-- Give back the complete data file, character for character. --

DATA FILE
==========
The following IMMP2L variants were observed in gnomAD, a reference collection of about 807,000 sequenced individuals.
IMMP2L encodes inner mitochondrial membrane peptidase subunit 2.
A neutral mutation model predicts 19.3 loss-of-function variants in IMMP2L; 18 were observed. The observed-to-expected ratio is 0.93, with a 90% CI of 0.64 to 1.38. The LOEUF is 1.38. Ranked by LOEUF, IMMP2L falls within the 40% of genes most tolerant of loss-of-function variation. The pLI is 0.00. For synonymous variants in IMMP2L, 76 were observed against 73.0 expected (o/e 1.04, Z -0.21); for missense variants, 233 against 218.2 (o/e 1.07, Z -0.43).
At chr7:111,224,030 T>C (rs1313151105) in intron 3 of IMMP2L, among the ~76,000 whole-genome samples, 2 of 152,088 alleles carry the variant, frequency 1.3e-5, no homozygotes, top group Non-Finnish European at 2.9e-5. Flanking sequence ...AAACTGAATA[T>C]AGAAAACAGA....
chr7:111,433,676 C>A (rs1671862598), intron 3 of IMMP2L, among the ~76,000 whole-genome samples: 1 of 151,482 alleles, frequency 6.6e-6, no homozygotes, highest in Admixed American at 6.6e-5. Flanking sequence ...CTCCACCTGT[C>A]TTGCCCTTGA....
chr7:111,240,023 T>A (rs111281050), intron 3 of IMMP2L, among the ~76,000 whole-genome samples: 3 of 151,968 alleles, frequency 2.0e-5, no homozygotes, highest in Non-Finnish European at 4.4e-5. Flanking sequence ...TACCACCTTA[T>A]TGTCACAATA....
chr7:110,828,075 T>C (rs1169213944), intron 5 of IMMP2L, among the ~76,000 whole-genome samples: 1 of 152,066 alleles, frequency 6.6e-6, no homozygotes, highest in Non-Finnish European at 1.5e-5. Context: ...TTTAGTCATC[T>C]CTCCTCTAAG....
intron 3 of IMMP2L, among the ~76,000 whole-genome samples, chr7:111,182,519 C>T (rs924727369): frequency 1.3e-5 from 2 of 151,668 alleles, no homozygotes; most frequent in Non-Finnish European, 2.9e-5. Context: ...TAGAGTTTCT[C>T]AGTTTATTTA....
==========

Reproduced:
The following IMMP2L variants were observed in gnomAD, a reference collection of about 807,000 sequenced individuals.
IMMP2L encodes inner mitochondrial membrane peptidase subunit 2.
A neutral mutation model predicts 19.3 loss-of-function variants in IMMP2L; 18 were observed. The observed-to-expected ratio is 0.93, with a 90% CI of 0.64 to 1.38. The LOEUF is 1.38. Ranked by LOEUF, IMMP2L falls within the 40% of genes most tolerant of loss-of-function variation. The pLI is 0.00. For synonymous variants in IMMP2L, 76 were observed against 73.0 expected (o/e 1.04, Z -0.21); for missense variants, 233 against 218.2 (o/e 1.07, Z -0.43).
At chr7:111,224,030 T>C (rs1313151105) in intron 3 of IMMP2L, among the ~76,000 whole-genome samples, 2 of 152,088 alleles carry the variant, frequency 1.3e-5, no homozygotes, top group Non-Finnish European at 2.9e-5. Flanking sequence ...AAACTGAATA[T>C]AGAAAACAGA....
chr7:111,433,676 C>A (rs1671862598), intron 3 of IMMP2L, among the ~76,000 whole-genome samples: 1 of 151,482 alleles, frequency 6.6e-6, no homozygotes, highest in Admixed American at 6.6e-5. Flanking sequence ...CTCCACCTGT[C>A]TTGCCCTTGA....
chr7:111,240,023 T>A (rs111281050), intron 3 of IMMP2L, among the ~76,000 whole-genome samples: 3 of 151,968 alleles, frequency 2.0e-5, no homozygotes, highest in Non-Finnish European at 4.4e-5. Flanking sequence ...TACCACCTTA[T>A]TGTCACAATA....
chr7:110,828,075 T>C (rs1169213944), intron 5 of IMMP2L, among the ~76,000 whole-genome samples: 1 of 152,066 alleles, frequency 6.6e-6, no homozygotes, highest in Non-Finnish European at 1.5e-5. Context: ...TTTAGTCATC[T>C]CTCCTCTAAG....
intron 3 of IMMP2L, among the ~76,000 whole-genome samples, chr7:111,182,519 C>T (rs924727369): frequency 1.3e-5 from 2 of 151,668 alleles, no homozygotes; most frequent in Non-Finnish European, 2.9e-5. Context: ...TAGAGTTTCT[C>T]AGTTTATTTA....